Renniehorta Sat 16-Feb-13 14:13:41

I have been watching the reruns of Show Me The Monet on BBC2. There are so few art shows and what would have been a great show was ruined by the pieces to camera by Chris Hollins who explained the proceedure for each part of the show. So 'the artist needs 2 votes to go into the exhibition'. The artist gets the votes. 'the artist got the 2 votes needed'. This was repeated 5 or 6 times per programme. They must have had viewers with the attention span of a goldfish in mind.

It's very American, all of the 'coming up next...'

StiffyByng Sat 16-Feb-13 14:41:23

The Americans do it because they have more breaks and have had hundreds of channels for ages. They know people flick between channels on every break so are often new to the show halfway through. I agree it's incredibly irritating though and I can't watch any US version of a reality show as I can feel my brain cells dying off.

A friend of mine is a TV producer who has worked on all this sort of stuff and she says people are often really upset at the end result and have to be persuaded to look pleased. They do sometimes do finishing work afterwards but often not.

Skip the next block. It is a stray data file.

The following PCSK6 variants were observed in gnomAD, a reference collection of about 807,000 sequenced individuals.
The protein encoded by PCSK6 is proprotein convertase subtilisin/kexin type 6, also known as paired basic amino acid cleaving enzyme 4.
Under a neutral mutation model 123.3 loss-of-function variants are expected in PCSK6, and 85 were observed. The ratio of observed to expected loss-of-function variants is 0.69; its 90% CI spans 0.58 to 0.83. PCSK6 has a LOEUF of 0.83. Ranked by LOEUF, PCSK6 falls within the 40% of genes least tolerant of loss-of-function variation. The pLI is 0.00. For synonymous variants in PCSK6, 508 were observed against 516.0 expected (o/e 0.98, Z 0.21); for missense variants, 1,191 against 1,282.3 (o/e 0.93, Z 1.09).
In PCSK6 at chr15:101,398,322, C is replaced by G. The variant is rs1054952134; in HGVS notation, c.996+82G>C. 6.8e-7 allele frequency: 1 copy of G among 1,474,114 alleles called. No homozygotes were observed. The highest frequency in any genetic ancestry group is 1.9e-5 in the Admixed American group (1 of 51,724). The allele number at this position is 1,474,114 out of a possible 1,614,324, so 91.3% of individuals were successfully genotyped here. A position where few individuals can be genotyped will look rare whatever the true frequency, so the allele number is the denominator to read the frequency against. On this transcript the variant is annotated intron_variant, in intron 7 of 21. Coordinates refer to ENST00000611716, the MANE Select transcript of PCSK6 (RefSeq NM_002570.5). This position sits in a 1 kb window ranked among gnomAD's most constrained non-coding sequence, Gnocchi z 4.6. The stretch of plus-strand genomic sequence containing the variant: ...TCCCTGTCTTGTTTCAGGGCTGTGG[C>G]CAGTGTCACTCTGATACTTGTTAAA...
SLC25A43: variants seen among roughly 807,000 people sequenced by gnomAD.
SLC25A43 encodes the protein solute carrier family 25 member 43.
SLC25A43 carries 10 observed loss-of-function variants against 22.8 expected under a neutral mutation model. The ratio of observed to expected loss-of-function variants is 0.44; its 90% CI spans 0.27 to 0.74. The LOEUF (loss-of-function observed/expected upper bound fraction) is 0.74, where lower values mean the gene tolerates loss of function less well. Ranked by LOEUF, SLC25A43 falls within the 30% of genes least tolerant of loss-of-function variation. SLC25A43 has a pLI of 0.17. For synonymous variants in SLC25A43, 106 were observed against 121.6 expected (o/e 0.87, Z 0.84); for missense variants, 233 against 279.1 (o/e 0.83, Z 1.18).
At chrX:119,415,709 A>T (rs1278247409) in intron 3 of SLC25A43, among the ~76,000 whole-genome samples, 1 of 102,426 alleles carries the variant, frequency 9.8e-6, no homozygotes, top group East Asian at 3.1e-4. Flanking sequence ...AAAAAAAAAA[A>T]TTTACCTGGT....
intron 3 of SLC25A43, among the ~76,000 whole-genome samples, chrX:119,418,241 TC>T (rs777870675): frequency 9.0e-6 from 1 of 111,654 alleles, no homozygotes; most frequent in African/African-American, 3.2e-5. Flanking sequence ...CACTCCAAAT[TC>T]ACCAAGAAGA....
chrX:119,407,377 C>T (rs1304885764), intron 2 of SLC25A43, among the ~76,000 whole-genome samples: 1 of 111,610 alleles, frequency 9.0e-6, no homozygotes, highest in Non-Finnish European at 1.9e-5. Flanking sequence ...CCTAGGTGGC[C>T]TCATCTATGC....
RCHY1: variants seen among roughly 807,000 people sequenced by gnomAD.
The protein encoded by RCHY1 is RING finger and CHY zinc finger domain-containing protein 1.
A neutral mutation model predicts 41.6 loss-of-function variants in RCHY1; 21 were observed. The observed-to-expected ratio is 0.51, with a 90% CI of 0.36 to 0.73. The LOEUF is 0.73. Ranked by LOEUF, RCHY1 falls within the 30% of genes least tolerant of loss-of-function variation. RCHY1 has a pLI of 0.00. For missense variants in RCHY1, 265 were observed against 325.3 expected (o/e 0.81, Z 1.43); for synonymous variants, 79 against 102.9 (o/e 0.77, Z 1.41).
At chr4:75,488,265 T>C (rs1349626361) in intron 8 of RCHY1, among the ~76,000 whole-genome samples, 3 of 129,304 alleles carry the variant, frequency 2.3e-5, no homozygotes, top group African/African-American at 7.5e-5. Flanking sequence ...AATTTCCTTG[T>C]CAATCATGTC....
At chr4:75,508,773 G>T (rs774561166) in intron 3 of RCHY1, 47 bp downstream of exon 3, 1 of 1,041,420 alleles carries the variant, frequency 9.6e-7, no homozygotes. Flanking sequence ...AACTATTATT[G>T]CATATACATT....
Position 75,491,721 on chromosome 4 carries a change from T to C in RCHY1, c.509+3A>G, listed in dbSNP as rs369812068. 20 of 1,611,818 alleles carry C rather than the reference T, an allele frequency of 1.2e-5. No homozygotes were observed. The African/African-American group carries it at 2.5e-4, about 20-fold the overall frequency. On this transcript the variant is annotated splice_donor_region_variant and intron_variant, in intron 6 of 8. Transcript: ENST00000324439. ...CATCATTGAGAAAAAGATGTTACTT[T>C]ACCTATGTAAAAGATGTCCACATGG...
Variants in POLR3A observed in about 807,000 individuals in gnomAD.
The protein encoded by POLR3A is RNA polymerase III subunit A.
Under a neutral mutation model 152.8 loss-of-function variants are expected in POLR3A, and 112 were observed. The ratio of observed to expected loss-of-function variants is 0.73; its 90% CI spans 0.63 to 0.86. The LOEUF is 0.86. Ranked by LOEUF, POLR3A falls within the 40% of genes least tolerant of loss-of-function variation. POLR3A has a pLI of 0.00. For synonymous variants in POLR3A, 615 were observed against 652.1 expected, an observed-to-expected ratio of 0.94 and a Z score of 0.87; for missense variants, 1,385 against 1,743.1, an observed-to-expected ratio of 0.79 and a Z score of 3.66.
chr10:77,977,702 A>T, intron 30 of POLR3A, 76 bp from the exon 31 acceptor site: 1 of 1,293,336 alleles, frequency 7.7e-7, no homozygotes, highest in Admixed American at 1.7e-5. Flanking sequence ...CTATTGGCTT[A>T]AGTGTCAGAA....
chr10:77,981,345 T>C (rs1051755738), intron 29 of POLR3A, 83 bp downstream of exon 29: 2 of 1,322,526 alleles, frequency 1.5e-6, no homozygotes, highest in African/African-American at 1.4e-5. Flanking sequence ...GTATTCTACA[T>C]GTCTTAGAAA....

Veritate Sat 16-Feb-13 15:00:55

I don't think a deadline is necessarily inappropriate in a cooking programme - after all, if you work in a restaurant you actually are working to deadlines, albeit that it doesn't come down to precise minutes.

But I remember one of the makeover programmes where they'd put a load of little flowers up on a bathroom wall. Because they were in such a rush, they used the wrong type of glue and they didn't manage to conceal the fact that they were already falling down by the time it got to the reveal.

Mind you, if you are made enough to allow someone to do one of those makeover shows on your property you probably deserve whatever you get.

Veritate Sat 16-Feb-13 15:01:07

Sorry, mad, not made.

letsgomaths Sat 16-Feb-13 17:12:08

The Crystal Maze was before all this "Coming up after the break..." mania. Yes, it very much played on time pressure, but that was part of the game.

"You've got to get your skates on!"

gymmummy64 Sat 16-Feb-13 17:16:34

But despite all the time pressures, the commentator still needs to recap on the action every 10 minutes plus trail the next 10 minutes. If they cut out all the recapping and trailing, they'd have about 15 minutes programming for every half an hour's viewing I reckon

I might need a recap on a series I last saw a week ago, but not 10 minutes ago. Neither do I need to know what's 'coming up' if the programme only last half an hour. Lazy and very annoying programme making